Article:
Honey Ice Cream. 

1 cup thin cream, 4 tablespoons strained honey. 

Mix honey and cream well, and freeze. This amount is for a 
little individual freezer. It can also be made by putting the mixture 
in a baking powder tin, and immersing this in a bowl of ice and salt. 
The top should be on tight and the can turned constantly with a rotary 
motion until the mixture is frozen. Occasionally open the can and 
scrape the cream down from the sides and stir while freezing. It will 
freeze quickly and this is an excellent way to make a small quantity 
of ice cream when an individual freezer is not available. 

Honey Cream. 

y% cup whipping cream, 1 tablespoon honey.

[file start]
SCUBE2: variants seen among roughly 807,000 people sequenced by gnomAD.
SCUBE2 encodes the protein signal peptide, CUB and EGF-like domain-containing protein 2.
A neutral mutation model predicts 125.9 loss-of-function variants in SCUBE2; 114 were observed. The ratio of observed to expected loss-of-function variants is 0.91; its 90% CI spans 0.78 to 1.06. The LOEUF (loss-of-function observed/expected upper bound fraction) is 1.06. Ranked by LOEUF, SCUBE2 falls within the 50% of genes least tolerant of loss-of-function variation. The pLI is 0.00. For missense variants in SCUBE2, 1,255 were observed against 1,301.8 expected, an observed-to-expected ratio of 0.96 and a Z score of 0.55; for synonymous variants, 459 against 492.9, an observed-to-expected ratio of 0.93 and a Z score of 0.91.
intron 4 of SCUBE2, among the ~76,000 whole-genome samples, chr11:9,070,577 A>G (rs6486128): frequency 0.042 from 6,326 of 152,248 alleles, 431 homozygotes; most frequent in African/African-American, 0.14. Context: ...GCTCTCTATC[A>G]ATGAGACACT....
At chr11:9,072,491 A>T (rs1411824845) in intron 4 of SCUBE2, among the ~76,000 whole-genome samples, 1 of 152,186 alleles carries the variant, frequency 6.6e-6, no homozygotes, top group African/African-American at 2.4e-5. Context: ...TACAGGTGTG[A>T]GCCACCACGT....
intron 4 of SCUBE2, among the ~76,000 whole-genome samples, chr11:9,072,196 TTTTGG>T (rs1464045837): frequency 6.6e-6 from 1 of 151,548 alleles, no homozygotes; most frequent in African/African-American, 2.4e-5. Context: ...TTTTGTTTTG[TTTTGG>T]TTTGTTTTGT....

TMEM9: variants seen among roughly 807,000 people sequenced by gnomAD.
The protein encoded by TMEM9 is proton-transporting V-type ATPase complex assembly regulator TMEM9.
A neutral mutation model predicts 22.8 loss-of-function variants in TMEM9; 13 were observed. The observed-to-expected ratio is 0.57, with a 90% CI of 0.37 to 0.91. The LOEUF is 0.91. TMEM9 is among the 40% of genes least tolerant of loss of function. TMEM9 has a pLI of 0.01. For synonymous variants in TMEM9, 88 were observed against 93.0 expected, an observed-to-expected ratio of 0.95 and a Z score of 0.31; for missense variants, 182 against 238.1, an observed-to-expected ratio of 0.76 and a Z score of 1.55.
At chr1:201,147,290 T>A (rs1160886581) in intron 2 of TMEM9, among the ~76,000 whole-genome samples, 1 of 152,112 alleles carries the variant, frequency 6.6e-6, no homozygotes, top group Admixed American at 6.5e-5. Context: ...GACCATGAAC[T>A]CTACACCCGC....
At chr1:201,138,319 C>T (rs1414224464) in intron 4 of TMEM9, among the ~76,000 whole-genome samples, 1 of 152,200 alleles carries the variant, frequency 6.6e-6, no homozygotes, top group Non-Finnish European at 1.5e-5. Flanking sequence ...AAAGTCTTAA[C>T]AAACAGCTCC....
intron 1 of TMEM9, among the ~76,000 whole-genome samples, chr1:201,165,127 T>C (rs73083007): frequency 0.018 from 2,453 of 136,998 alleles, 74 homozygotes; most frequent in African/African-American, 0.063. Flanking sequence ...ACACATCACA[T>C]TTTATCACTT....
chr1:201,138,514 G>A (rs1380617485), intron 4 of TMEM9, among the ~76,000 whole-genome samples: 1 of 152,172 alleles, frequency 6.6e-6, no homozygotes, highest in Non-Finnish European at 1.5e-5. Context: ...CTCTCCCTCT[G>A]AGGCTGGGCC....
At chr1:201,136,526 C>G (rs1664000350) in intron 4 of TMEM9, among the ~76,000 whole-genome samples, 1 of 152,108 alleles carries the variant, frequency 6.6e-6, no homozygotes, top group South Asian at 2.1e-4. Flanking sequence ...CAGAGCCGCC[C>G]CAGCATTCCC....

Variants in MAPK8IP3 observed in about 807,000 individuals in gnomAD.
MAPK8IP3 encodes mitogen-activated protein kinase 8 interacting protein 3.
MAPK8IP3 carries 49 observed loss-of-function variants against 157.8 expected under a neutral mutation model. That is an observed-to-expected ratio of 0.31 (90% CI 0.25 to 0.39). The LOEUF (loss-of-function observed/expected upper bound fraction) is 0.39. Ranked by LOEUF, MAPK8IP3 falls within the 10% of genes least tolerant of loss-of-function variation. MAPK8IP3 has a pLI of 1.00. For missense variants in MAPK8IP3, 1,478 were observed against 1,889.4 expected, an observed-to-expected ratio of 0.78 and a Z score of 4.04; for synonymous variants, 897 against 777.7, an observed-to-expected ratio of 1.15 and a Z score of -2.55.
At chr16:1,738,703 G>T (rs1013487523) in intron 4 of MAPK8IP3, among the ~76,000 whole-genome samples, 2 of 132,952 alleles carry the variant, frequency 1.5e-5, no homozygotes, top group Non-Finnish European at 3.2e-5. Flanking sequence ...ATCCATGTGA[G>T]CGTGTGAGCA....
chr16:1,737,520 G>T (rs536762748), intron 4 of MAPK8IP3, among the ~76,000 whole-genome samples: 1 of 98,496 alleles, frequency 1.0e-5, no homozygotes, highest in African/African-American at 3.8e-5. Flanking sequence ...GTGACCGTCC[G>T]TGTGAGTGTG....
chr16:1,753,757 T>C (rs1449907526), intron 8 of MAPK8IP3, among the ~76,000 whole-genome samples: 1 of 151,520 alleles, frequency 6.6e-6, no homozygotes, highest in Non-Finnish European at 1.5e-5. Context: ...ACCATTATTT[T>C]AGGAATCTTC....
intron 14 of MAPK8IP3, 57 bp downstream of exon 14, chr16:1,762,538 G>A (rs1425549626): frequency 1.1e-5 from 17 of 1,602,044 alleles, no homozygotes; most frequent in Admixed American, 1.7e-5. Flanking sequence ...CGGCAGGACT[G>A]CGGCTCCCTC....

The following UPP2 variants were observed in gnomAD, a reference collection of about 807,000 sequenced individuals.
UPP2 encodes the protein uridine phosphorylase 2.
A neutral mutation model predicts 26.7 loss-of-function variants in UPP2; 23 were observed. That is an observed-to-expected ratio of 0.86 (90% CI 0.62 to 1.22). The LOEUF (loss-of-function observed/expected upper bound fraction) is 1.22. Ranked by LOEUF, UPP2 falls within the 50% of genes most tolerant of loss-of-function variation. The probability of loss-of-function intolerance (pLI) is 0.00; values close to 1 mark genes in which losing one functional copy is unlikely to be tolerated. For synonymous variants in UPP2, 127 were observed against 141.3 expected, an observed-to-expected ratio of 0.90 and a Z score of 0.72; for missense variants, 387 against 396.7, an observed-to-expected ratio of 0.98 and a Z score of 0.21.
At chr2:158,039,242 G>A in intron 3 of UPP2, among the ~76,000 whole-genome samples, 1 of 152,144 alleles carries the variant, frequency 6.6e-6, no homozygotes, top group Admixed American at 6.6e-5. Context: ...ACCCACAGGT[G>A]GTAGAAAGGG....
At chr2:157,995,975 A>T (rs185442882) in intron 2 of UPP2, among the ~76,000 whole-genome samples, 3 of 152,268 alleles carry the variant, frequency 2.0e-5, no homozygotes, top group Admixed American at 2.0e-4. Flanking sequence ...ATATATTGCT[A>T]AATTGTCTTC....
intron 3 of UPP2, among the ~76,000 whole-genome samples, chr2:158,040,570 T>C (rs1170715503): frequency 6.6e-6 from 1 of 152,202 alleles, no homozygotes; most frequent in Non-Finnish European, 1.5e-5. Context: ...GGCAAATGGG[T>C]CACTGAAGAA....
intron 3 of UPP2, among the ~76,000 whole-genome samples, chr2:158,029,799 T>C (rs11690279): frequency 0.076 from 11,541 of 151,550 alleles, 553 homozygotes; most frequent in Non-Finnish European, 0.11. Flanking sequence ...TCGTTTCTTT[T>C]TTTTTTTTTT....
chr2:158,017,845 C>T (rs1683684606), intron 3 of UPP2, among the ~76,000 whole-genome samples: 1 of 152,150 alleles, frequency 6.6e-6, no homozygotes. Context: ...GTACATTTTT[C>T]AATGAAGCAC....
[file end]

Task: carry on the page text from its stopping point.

Whip the cream and add the honey. Mix well. Arrange stale 
lady fingers or sponge cake in the bottom of a glass saucer and pour 
the cream mixture over it. Serve very cold. This will make two 
servings. 

In working out all the foregoing recipes, level measurements 
should be made in every case, and a standard measuring cup should 
also be employed. It is especially necessary to make very accurate 
measurements when using small individual quantities in order to 
ensure good results. These recipes are the so-called individual 
recipes, but most of them will make two servings. It is not very 



War Recipes for Invalid Cookery 1143 

practical to make recipes with smaller quantities than those stated 
above. 

Soft Corn Bread. 

*4 cup white corn meal, 5 tablespoons boiling water, 14 CU P milk, 
1/4 cup boiled rice, 1 egg, 1 teaspoon melted butter, % teaspoon salt, 
!/4 teaspoon baking powder. 

Pour boiling water over corn meal, add other ingredients,